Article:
So, for lots of reasons (some selfish, some strategic, and also just for the sheer fun of it), I've decided to take my Myth-Folklore class this Fall. Yep. I'm not just going to do some of the assignments as a kind of quality control (which is what I usually do...). Instead, I am going to be a student in the class. I'll complete every assignment (and if I don't, I'll do extra credit to make up for it), and I'm going to put my blog and my class project into the randomizer along with everybody else's work, so students will be commenting on my stories and project and I'll be commenting on their stories and projects too, in addition to the kind of feedback I usually do.
Yeah, it's kind of weird. But I think it's going to be basically a very good kind of weird. If all goes well, I'll take my Indian Epics class in the Spring. (Which is actually the class I enjoy the most in terms of sheer learning... but for practical reasons, it makes sense to do Myth-Folklore first.)
If I understand how "Student View" works in Canvas, I'll be able to record my points in the Gradebook the same way that real students do. If not, I'll just make a quick Excel spreadsheet to do the same thing. This is going to be a really hard year for me because of my dad so, I'll be honest: if I get a C in the class, that is fine with me. Which is the same thing I say to my students who are juggling a lot of things in their lives.
School starts for me on Monday, so yesterday and today I did all my assignments for Week 1, repurposing an old blog to use for that. Here it all is: Myth-Folklore Course Diary: Week 1.
For my Introduction post, I wrote about going to InstructureCon! That was really fun because the way my class works is that over the course of the semester, a couple of people read your Introduction post every week and leave you comments, which means a lot of students will end up seeing that post and getting to see the guy shot out of the cannon video. And seriously: that is just COOL. I can't embed the actual Twitter video here in Jive, but it is embedded as video in my blog post. :-)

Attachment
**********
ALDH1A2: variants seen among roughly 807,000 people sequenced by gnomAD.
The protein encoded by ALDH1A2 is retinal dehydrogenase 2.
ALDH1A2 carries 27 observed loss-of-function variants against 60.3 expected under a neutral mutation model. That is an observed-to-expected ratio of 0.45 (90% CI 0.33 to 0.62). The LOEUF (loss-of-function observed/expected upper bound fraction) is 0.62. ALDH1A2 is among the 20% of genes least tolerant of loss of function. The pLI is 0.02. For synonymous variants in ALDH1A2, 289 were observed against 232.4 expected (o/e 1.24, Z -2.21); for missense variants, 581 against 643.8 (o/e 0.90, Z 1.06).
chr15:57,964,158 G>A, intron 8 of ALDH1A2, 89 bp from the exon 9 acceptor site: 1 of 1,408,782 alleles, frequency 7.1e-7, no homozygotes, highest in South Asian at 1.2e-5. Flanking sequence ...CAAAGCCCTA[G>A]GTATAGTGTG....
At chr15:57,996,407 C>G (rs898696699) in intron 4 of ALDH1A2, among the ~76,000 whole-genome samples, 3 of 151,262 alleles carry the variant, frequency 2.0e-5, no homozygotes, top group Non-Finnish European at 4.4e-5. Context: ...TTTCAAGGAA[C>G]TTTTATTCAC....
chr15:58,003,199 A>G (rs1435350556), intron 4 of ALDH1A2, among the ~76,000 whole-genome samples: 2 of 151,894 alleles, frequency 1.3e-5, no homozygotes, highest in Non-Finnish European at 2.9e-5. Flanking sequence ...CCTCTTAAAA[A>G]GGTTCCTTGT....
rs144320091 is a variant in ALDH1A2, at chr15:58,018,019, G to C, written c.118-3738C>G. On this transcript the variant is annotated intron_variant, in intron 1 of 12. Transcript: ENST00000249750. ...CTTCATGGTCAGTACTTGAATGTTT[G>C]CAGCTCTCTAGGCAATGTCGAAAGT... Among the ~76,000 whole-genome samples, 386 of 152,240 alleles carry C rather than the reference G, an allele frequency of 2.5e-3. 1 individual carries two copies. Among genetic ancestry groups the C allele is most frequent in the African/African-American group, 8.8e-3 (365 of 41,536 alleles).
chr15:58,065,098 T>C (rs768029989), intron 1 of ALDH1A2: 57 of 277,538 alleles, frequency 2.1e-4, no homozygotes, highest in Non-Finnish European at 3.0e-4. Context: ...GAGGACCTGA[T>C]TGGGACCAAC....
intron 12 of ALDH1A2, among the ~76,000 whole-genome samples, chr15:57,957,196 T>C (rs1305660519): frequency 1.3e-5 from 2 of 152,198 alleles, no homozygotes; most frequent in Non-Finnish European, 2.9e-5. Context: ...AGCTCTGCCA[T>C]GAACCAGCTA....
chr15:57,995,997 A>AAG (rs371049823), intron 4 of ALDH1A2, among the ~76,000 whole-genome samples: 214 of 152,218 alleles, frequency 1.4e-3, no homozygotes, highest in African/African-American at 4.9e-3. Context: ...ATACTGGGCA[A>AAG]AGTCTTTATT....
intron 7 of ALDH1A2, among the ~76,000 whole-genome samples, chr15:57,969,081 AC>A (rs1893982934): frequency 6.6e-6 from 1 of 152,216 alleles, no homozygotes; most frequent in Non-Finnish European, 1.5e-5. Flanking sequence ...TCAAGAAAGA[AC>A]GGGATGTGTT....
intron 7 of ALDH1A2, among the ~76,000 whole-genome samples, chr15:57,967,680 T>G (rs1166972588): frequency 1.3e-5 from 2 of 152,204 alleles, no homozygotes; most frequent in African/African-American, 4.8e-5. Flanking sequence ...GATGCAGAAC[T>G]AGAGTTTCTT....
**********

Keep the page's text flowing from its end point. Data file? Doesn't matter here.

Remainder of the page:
So, I'll have lots to say about this experiment as the semester goes along. I'll use #TotalColearner as my hashtag for these posts. Is anybody else up for an experiment like this? In the classroom, you cannot exactly be a student at the same time, but for anybody who teaches , it really is possible, depending on your course design. If you do give it a try, even just for a couple of weeks, use #TotalColearner to label your blog post so we can connect and share experiences.
For now, here are 3 quick thoughts I have going into this:
1. Being a student together with my students feels totally right to me. I have always had the colearning spirit in mind, and I like the way this takes my philosophy and makes it more obvious to the students. When I say I want to learn together with them, I really mean it. And now they will see that more clearly. I think they will feel okay about that. I hope so anyway! I definitely don't want to make anybody feel uncomfortable.
2. I NEED CREATIVE TIME. I put that in all-caps because that is a lesson I learned last semester. Trying to take care of my dad has been emotionally draining in ways I never imagined, and it means I don't have free time the way I used to. But if I am a student in my own class, hey, I can take some time to write some stories and tell myself I am doing that for my job. It's official. :-)
3. I will find problems in my class that need fixing. Doing the first week's assignments, I did not find anything huge that needed fixing as a result of doing the assignments myself, but I did find a lot of little things. And I also put myself more in the students' point of view, seeing each assignment from a new angle. As I do that week by week, I am sure I going to get a lot of insight I would not have otherwise.
Okay, now I am ready to move on to Week 2. I hope to finish Week 2 today and tomorrow, and then open my classes for students as of 12:01AM on Monday. I am ............. excited!!!!!!